In this embodiment the ring 2 1 is preferably of a diameter to substantially fit tightly over the end of the wooden pile although this is not essential. By way of example, the ring 21 may have an outside diameter of twelve and one-half inches and a depth of sir; inches, while the inserts 22 may have a depth of four inches. The member 21 may havea wall thickness of threersixteenth inch and the members 22 may be of eight gauge steel eleven and one? half inches long whereby they will be disposed at a mum angle of 3131, Again it may be pointed out that the members 23 may be of flat steel but the corrugated steel is preferred for the reasons stated above. Since the column of concrete cast inside the pipe in the embodiment of FIGURES 9112 has its tip enclosed in the heavy steel ring 21,'a dowel or pin is not required to provide resistance to lateral movement, as might be the case with the plate type connector of FIGURES 1-8.

It will be clear that minor modifications may be made without departing from the spi'titoi the liny ention and I therefore do not intend to limit myself otherwise :than as set forth in the claims which follow. 1

Having now fully described my invention, what I claim as new and desire to secure by Letters Patent is:

l. A composite pile connector comprising a metallic cylindrical ring and two plates disposed as chords within said ring, said chordal plates meeting at one end of each plate to form the apex of a V with one leg on each side of the center of said ring, and being welded to said ring at said meeting end and said chordal plates also being welded to said ring at their other ends, said plates being o a en t re an the a us 05 aid r and serving to displace the wood of a wood pile so as to Wedge t t gh y W t n ai r 2. A composite pile connectoraccording to :claim 1, wherein said chordal plates are corrugated.

3- compos e p l @QQ WWD cco d n to claim 1, rei a d cy nd c l n con t ut d o a Strip ta e t nt c isd s l m w h t w ds of he strip in u st n a ly utt ng relat on. a d. her in said ,chq d l plate eposed t o m a V Wit n s ring with its apex adjacent said abutting edges and said ape nd a ut g e g s a e w lded to e her. y a n o t nuou w ld- A. compos te p le connec o omp s n s p of corrugat d metal with the o ugat on nning tr n v r e y o t leng h, a d be on t e cre of a cen corr ga ion into a \l-, .a met i cy in ica r se. of a dep h substantia ly equal o. t e width at s d st p, ai V being disposed within, Said ring. with one limb of said V on either side of the axis f ring, the limb of said V being of a length greater than the radius'of said ring, said V being welded to. said ring at its apex at the ends .of its limbs, and a circular plate welded to said ring and to said y, said strip of corrugated metal serving to displace the wood of a wood pile. so as to wedge it tightly within said ring.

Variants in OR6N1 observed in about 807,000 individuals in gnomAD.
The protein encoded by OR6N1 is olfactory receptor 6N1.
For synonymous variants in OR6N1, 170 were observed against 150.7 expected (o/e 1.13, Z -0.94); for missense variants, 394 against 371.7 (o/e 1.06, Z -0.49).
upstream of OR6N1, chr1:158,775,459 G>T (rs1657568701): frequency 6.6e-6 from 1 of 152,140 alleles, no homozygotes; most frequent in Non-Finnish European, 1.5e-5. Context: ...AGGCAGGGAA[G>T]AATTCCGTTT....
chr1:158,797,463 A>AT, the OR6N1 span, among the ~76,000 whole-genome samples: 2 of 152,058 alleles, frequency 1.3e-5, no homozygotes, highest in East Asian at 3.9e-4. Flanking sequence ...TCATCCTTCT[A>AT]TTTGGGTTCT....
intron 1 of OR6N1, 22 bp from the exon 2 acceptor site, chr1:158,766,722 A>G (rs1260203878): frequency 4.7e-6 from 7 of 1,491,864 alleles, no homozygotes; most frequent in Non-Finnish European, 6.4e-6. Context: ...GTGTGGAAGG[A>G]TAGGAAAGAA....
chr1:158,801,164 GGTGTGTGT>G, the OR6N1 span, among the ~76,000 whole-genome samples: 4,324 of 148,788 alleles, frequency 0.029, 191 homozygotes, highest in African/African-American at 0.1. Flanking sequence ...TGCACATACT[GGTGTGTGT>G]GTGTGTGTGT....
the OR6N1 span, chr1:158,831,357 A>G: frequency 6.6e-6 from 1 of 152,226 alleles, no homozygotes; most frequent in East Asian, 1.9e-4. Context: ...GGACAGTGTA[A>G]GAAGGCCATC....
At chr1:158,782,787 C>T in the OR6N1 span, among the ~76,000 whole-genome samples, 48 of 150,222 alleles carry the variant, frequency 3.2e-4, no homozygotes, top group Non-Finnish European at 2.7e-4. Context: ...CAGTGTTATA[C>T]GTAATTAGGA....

Patent Citations
Cited PatentFiling datePublication dateApplicantTitle
US528569 *Jan 4, 1892Nov 6, 1894 Corrugated fastener
US1315607 *Apr 22, 1919Sep 9, 1919 of quebec
US2080962 *Dec 30, 1935May 18, 1937American Steel & Wire CoAntichecking iron
US2821069 *Nov 7, 1955Jan 28, 1958Fox Joseph HComposite wood and concrete pile
Referenced by
Citing PatentFiling datePublication dateApplicantTitle
US3724223 *Nov 27, 1970Apr 3, 1973Pepe COne piece, drive fit, closure cap and sleeve for piles
US4252473 *Aug 28, 1978Feb 24, 1981Republic Steel CorporationComposite pile and method of manufacture
US4525102 *Aug 12, 1983Jun 25, 1985Gillen Gerard JTimber pile connection system
US4966496 *Sep 8, 1989Oct 30, 1990O. C. S. Operators, Inc.Method of erecting offshore platforms
US5593251 *Dec 17, 1993Jan 14, 1997Gillen Pile Driving, Inc.Method of installing a composite timber and concrete pile
US5683004 *May 22, 1996Nov 4, 1997Structural Plastics CorporationStackable and unstackable support construction
US6494644 *Jan 2, 1991Dec 17, 2002Foundation Systems Of Louisiana, Inc.Pile connector and method of installation
US7661906 *Apr 7, 2008Feb 16, 2010Austin Howard CWoodpile connector
US8734058 *Dec 5, 2013May 27, 2014Harold F SchmidtMethod of piling remediation for supporting girders and other structural members
EP1001092A1 *Nov 9, 1999May 17, 2000Rainer HäringDevice and method for making a butt joint
Classifications
U.S. Classification405/251, 403/277, 403/301
International ClassificationE02D13/10, E02D13/00
Cooperative ClassificationE02D13/10
European ClassificationE02D13/10